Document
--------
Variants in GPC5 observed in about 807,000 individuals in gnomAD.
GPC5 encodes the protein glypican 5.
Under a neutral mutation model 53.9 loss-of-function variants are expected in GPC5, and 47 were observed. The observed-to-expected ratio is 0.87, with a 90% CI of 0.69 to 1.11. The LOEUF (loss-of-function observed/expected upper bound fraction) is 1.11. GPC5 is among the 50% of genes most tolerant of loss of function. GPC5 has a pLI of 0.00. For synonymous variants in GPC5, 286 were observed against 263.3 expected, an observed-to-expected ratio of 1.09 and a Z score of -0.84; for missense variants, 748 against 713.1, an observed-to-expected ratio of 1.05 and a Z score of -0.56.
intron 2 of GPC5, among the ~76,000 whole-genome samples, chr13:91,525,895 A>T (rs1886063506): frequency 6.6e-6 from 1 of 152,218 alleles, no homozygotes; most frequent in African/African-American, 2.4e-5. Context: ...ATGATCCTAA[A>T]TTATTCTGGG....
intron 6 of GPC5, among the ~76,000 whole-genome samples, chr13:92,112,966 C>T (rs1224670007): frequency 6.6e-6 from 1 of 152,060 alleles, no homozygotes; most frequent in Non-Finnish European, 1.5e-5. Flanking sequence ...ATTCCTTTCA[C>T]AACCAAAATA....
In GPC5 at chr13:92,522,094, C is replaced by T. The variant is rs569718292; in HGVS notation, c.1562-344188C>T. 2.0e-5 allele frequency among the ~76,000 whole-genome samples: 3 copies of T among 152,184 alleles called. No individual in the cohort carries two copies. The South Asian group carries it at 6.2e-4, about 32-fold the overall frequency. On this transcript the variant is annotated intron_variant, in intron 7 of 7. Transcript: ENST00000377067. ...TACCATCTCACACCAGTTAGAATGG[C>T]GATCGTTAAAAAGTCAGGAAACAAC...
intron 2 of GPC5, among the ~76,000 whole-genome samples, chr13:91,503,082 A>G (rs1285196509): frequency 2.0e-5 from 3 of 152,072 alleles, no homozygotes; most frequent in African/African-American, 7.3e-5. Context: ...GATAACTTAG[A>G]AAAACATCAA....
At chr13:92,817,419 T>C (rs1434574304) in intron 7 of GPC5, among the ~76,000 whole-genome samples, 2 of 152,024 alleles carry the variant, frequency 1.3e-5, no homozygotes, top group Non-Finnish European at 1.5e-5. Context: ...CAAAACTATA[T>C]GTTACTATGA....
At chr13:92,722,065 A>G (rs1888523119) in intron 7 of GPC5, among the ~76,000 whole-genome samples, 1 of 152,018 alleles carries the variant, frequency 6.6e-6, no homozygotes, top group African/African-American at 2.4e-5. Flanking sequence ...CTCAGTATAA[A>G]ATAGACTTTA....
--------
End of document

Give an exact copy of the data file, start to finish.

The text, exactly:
Variants in GPC5 observed in about 807,000 individuals in gnomAD.
GPC5 encodes the protein glypican 5.
Under a neutral mutation model 53.9 loss-of-function variants are expected in GPC5, and 47 were observed. The observed-to-expected ratio is 0.87, with a 90% CI of 0.69 to 1.11. The LOEUF (loss-of-function observed/expected upper bound fraction) is 1.11. GPC5 is among the 50% of genes most tolerant of loss of function. GPC5 has a pLI of 0.00. For synonymous variants in GPC5, 286 were observed against 263.3 expected, an observed-to-expected ratio of 1.09 and a Z score of -0.84; for missense variants, 748 against 713.1, an observed-to-expected ratio of 1.05 and a Z score of -0.56.
intron 2 of GPC5, among the ~76,000 whole-genome samples, chr13:91,525,895 A>T (rs1886063506): frequency 6.6e-6 from 1 of 152,218 alleles, no homozygotes; most frequent in African/African-American, 2.4e-5. Context: ...ATGATCCTAA[A>T]TTATTCTGGG....
intron 6 of GPC5, among the ~76,000 whole-genome samples, chr13:92,112,966 C>T (rs1224670007): frequency 6.6e-6 from 1 of 152,060 alleles, no homozygotes; most frequent in Non-Finnish European, 1.5e-5. Flanking sequence ...ATTCCTTTCA[C>T]AACCAAAATA....
In GPC5 at chr13:92,522,094, C is replaced by T. The variant is rs569718292; in HGVS notation, c.1562-344188C>T. 2.0e-5 allele frequency among the ~76,000 whole-genome samples: 3 copies of T among 152,184 alleles called. No individual in the cohort carries two copies. The South Asian group carries it at 6.2e-4, about 32-fold the overall frequency. On this transcript the variant is annotated intron_variant, in intron 7 of 7. Transcript: ENST00000377067. ...TACCATCTCACACCAGTTAGAATGG[C>T]GATCGTTAAAAAGTCAGGAAACAAC...
intron 2 of GPC5, among the ~76,000 whole-genome samples, chr13:91,503,082 A>G (rs1285196509): frequency 2.0e-5 from 3 of 152,072 alleles, no homozygotes; most frequent in African/African-American, 7.3e-5. Context: ...GATAACTTAG[A>G]AAAACATCAA....
At chr13:92,817,419 T>C (rs1434574304) in intron 7 of GPC5, among the ~76,000 whole-genome samples, 2 of 152,024 alleles carry the variant, frequency 1.3e-5, no homozygotes, top group Non-Finnish European at 1.5e-5. Context: ...CAAAACTATA[T>C]GTTACTATGA....
At chr13:92,722,065 A>G (rs1888523119) in intron 7 of GPC5, among the ~76,000 whole-genome samples, 1 of 152,018 alleles carries the variant, frequency 6.6e-6, no homozygotes, top group African/African-American at 2.4e-5. Flanking sequence ...CTCAGTATAA[A>G]ATAGACTTTA....